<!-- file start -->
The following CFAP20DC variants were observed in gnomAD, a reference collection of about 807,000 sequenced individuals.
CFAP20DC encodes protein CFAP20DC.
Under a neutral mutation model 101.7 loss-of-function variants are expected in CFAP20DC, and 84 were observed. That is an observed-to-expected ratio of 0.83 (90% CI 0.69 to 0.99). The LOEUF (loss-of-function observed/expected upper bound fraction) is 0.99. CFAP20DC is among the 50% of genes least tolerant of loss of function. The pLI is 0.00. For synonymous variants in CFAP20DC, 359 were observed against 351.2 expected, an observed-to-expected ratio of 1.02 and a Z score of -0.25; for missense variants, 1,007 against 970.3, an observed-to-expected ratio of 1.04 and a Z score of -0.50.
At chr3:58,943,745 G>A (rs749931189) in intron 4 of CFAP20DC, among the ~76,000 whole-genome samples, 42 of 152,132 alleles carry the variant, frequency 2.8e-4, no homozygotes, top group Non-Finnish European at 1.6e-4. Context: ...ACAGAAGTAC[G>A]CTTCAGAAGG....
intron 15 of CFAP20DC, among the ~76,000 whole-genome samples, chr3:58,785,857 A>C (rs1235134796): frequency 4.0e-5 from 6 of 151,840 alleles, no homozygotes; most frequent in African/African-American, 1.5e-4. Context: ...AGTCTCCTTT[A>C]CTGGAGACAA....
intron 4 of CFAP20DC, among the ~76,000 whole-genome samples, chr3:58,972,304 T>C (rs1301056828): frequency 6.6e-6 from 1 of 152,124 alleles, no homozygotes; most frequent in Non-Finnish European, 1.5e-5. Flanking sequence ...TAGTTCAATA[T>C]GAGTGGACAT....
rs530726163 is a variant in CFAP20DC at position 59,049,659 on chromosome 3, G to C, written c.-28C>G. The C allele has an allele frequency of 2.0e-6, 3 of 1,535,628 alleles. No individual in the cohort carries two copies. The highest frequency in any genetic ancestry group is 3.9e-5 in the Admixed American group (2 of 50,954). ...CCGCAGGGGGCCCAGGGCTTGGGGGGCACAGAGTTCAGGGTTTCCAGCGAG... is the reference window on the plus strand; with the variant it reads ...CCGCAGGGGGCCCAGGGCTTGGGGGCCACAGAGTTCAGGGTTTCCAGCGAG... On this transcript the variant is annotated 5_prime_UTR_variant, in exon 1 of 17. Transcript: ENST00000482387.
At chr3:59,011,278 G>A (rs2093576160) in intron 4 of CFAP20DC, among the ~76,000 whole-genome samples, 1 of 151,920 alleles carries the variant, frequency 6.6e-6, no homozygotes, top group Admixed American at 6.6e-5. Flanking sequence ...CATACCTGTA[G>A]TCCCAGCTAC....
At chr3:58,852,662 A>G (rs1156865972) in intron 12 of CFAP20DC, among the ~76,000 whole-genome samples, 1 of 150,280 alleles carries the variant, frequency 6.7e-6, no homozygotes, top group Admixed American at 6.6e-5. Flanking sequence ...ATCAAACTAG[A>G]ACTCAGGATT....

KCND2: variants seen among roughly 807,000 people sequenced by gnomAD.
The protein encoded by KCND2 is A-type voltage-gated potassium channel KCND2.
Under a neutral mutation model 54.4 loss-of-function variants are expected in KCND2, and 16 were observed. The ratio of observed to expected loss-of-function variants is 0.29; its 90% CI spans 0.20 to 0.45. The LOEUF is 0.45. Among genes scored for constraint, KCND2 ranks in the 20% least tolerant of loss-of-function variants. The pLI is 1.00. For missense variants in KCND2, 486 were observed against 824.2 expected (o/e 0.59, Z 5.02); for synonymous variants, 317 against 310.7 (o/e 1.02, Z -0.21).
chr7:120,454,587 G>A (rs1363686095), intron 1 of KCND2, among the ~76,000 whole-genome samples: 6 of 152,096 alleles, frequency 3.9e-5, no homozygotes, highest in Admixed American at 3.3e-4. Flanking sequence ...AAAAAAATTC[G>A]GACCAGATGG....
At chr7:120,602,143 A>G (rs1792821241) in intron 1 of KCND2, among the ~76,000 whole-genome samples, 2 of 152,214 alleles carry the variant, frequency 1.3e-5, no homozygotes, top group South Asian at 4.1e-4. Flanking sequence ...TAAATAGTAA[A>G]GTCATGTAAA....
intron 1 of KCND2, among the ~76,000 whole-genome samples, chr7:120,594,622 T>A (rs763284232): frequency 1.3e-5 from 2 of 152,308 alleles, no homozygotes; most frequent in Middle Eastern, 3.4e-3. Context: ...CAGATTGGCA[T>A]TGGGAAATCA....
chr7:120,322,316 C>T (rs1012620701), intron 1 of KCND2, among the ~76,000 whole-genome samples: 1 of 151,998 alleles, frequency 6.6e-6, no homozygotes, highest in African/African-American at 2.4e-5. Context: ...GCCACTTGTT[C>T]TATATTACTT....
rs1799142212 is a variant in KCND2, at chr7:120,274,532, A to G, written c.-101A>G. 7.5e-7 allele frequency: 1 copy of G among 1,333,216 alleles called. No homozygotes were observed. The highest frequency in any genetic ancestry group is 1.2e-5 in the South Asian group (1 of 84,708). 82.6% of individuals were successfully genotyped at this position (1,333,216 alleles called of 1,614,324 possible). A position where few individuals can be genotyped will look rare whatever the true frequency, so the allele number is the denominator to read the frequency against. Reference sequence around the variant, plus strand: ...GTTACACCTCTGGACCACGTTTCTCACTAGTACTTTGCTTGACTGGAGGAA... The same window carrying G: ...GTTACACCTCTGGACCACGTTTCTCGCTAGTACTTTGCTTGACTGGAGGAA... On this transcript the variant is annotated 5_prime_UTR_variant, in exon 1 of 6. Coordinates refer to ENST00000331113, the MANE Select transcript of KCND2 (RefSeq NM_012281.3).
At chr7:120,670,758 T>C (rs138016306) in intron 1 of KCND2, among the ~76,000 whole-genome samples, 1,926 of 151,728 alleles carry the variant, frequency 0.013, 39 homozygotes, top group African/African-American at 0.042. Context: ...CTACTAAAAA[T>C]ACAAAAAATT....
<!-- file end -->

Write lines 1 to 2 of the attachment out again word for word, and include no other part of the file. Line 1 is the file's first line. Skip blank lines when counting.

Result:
The following CFAP20DC variants were observed in gnomAD, a reference collection of about 807,000 sequenced individuals.
CFAP20DC encodes protein CFAP20DC.